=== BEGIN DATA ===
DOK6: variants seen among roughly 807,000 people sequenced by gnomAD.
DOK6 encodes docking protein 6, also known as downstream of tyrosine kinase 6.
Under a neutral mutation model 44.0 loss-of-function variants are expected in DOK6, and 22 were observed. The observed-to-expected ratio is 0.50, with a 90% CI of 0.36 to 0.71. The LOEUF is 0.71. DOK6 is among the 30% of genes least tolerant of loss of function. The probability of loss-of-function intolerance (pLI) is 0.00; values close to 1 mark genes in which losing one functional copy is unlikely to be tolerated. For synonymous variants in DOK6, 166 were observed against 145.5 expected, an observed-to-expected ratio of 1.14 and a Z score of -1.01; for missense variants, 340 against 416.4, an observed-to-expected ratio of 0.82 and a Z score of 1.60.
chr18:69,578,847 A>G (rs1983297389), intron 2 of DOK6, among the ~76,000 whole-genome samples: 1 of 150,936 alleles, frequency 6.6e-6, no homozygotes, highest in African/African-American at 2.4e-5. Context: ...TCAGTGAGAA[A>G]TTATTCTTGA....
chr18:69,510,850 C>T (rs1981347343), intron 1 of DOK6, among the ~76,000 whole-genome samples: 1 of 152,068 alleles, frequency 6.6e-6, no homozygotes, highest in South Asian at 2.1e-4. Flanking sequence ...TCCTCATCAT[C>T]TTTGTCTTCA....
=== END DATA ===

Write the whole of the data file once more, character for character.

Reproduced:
DOK6: variants seen among roughly 807,000 people sequenced by gnomAD.
DOK6 encodes docking protein 6, also known as downstream of tyrosine kinase 6.
Under a neutral mutation model 44.0 loss-of-function variants are expected in DOK6, and 22 were observed. The observed-to-expected ratio is 0.50, with a 90% CI of 0.36 to 0.71. The LOEUF is 0.71. DOK6 is among the 30% of genes least tolerant of loss of function. The probability of loss-of-function intolerance (pLI) is 0.00; values close to 1 mark genes in which losing one functional copy is unlikely to be tolerated. For synonymous variants in DOK6, 166 were observed against 145.5 expected, an observed-to-expected ratio of 1.14 and a Z score of -1.01; for missense variants, 340 against 416.4, an observed-to-expected ratio of 0.82 and a Z score of 1.60.
chr18:69,578,847 A>G (rs1983297389), intron 2 of DOK6, among the ~76,000 whole-genome samples: 1 of 150,936 alleles, frequency 6.6e-6, no homozygotes, highest in African/African-American at 2.4e-5. Context: ...TCAGTGAGAA[A>G]TTATTCTTGA....
chr18:69,510,850 C>T (rs1981347343), intron 1 of DOK6, among the ~76,000 whole-genome samples: 1 of 152,068 alleles, frequency 6.6e-6, no homozygotes, highest in South Asian at 2.1e-4. Flanking sequence ...TCCTCATCAT[C>T]TTTGTCTTCA....